**WINDOW, FREQUENCY ANALYSIS AND DERIVED PARAMETERS: RELATIVE POWER ****Β**

Before carrying out frequency analysis and to avoid errors in subsequent interpretation of waves, due to artificial disruptures in continuous lineation in epochs, each epoch is analyzed according to Blackman window, which reduces distortions related to contamination by frequency artifacts created by abrupt transitions in extremes of each epoch.

After signal digitalization and application of the window function of Blackman ^{14}, the same can be mathematically treated through Fourier analysis. This analysis generates a spectrum of frequencies that corresponds to a simple histogram of amplitudes in the frequency domain.

The best analogy to understand Fourier analysis is to compare EEG with a white light that crosses a crystal prism, creating a rainbow (the spectrum). Each color of light represents a frequency and the luminosity of colors represents the amplitude in each frequency.

In clinical monitors, EEG is decomposed into its frequency spectrum by Fast Fourier Transform (FFT) by Cooley and Tukey ^{15}. This algorithm enables an efficient calculation of digitalized data and is presented graphically as a histogram of power in frequency domain, being discarded the phase spectrum. Quantitative analysis of signal obtained through the FFT enables the identification of some general patterns, called bands, where each is defined by a range of frequencies: δ = 0.5-3.5 Hz, θ = 3.5-7.0 Hz, α = 7.0-13.0 Hz, β = 13.0-30.0 Hz and β2 = 30.0-50.0 Hz.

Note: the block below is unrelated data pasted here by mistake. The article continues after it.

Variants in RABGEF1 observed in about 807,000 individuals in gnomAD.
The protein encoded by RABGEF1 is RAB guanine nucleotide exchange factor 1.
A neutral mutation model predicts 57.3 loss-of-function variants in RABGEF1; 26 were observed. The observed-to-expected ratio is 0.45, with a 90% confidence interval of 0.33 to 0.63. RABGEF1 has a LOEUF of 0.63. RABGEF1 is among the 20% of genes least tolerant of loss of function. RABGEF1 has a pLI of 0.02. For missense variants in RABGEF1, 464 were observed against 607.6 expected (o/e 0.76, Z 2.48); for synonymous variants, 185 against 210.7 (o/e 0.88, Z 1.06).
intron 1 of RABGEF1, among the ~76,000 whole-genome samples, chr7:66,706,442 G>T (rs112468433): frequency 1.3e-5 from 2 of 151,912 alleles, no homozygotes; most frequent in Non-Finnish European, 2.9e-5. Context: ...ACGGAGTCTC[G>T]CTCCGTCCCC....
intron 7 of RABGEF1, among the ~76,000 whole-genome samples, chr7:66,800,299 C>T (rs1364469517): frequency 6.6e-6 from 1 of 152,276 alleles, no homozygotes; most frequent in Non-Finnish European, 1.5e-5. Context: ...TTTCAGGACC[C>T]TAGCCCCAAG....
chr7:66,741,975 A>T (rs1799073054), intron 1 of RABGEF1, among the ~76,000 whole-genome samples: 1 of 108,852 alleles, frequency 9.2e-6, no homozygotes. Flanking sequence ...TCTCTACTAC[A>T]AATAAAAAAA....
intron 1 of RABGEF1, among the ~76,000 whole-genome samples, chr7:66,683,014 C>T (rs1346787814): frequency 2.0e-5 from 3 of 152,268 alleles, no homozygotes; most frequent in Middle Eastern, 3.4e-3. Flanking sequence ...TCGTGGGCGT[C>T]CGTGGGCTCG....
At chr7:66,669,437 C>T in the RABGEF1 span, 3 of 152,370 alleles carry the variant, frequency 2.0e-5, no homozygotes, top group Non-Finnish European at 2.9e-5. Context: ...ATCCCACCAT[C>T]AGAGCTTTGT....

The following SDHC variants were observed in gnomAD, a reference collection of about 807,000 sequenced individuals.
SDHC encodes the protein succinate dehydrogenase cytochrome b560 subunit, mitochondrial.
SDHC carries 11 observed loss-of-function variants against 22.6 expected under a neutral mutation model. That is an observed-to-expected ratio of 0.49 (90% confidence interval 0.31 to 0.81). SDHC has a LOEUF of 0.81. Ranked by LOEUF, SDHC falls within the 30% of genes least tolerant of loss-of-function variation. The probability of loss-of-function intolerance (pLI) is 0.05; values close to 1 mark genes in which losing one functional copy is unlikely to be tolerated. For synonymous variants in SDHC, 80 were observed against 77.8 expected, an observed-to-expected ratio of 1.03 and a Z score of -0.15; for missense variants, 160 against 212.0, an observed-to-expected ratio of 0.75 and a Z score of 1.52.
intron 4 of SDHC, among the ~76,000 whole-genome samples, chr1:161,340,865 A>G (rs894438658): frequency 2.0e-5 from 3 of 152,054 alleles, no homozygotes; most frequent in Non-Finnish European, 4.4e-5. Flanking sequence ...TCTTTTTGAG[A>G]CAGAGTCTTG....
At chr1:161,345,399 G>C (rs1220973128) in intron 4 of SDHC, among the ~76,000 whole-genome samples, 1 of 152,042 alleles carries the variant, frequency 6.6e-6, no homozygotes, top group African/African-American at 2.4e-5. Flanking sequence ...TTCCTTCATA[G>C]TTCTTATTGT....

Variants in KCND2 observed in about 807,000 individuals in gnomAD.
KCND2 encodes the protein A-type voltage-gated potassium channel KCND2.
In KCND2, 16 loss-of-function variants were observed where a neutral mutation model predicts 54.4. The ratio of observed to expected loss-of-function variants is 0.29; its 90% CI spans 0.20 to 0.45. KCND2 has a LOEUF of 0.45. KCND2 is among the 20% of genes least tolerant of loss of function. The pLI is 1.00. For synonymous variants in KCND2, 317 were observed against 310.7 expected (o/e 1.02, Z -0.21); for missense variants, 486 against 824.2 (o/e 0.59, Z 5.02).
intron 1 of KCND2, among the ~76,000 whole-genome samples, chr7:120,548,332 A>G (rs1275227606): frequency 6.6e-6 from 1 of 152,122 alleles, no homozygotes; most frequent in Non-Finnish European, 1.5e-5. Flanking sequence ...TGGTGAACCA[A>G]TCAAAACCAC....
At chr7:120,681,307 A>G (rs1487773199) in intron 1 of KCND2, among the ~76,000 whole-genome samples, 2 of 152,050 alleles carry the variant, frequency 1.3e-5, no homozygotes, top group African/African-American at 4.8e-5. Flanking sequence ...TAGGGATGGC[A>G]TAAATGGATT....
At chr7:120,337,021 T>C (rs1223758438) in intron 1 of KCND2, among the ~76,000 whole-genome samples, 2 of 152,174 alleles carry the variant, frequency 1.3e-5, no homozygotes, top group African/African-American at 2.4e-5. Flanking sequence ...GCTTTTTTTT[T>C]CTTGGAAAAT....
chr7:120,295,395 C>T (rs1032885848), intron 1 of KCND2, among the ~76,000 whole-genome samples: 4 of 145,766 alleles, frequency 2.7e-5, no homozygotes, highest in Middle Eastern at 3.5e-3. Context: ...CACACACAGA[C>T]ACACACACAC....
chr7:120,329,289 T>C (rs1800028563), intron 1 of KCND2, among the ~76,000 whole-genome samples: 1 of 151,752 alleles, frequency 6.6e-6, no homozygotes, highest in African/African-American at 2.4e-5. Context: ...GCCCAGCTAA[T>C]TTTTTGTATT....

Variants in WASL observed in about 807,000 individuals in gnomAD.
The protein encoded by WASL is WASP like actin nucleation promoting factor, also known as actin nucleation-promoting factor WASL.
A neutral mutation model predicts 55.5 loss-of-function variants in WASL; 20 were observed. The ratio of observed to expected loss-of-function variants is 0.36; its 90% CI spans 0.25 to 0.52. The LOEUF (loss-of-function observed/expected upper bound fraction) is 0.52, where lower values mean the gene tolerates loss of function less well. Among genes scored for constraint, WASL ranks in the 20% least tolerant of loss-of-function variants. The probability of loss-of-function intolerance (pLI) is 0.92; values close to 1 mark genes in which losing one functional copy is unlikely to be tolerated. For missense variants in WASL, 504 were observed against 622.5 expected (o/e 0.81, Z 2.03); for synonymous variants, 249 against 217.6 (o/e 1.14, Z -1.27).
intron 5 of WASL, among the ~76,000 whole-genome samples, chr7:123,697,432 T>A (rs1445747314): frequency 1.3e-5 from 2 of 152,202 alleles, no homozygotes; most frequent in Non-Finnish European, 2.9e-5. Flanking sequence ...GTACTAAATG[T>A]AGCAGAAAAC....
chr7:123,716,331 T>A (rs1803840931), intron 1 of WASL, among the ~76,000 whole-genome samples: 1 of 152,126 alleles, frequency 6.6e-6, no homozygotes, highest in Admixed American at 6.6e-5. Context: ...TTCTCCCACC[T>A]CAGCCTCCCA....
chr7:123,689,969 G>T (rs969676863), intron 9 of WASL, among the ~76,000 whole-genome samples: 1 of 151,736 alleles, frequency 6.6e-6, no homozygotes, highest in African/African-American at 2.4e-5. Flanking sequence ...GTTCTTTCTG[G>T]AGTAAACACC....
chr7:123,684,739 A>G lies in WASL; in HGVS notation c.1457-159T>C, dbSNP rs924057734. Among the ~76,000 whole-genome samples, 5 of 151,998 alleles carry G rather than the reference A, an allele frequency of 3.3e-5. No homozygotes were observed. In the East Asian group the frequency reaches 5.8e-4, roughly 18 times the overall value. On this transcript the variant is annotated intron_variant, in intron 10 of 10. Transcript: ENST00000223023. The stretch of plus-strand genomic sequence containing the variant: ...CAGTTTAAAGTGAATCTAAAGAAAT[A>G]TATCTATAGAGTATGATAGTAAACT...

Different parameters can be derived from the power spectrum: total amplitude or power, relative amplitude or power of bands, frequency of peak power, 50% SEF, 95% SEF and extended delta quotient. There are other parameters that combine temporal with frequency analysis, such as limit spectral frequency compensated with burst suppression [Bc-SEF = (1-BSR/100)] ^{3}.

**RELATIVE** β** POWER**

The frequency analysis parameter that uses BIS is the β relative rate, which is defined as log (P_{30-47 Hz}/P_{11-20 Hz}). In other words, it is the logarithm of the quotient between sums of spectral energies (wave amplitude expressed as square voltage) of frequencies bands. Thus, we have a low-frequency band (11-20 Hz), which is included within two classic spectra: α and β and another one of high frequency, included within β2 spectrum.

**BISPECTRAL ANALYSIS AND DERIVED PARAMETERS: SYNCHFASTSLOW**